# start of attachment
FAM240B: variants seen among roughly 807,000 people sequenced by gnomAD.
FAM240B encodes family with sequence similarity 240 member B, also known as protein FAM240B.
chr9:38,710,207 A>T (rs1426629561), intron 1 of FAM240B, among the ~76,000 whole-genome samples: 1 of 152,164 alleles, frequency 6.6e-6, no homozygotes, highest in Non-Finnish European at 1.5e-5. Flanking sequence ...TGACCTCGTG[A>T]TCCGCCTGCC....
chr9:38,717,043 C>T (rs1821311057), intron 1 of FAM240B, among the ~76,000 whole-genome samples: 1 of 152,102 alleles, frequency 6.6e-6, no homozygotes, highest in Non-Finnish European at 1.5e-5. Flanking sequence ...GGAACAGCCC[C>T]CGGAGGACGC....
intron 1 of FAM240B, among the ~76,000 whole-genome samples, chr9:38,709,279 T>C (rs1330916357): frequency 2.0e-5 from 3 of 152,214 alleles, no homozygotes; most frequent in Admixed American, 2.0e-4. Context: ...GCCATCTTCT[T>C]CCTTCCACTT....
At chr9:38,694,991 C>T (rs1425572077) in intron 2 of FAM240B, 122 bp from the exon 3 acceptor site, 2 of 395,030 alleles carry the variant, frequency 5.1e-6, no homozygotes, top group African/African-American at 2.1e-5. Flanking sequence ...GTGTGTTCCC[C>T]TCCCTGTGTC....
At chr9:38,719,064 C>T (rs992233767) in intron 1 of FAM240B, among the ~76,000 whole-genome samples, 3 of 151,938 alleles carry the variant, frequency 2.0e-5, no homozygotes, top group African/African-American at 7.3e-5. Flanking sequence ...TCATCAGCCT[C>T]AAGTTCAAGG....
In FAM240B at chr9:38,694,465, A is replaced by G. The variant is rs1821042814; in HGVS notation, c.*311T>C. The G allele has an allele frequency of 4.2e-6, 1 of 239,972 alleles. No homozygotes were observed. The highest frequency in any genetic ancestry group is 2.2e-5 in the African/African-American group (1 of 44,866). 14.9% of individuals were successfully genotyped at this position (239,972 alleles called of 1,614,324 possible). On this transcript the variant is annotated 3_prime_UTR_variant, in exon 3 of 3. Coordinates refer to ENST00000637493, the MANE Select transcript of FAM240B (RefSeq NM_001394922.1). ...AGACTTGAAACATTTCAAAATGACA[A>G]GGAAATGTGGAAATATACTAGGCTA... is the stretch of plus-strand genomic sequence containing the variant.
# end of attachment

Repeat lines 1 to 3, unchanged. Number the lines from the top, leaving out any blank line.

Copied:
FAM240B: variants seen among roughly 807,000 people sequenced by gnomAD.
FAM240B encodes family with sequence similarity 240 member B, also known as protein FAM240B.
chr9:38,710,207 A>T (rs1426629561), intron 1 of FAM240B, among the ~76,000 whole-genome samples: 1 of 152,164 alleles, frequency 6.6e-6, no homozygotes, highest in Non-Finnish European at 1.5e-5. Flanking sequence ...TGACCTCGTG[A>T]TCCGCCTGCC....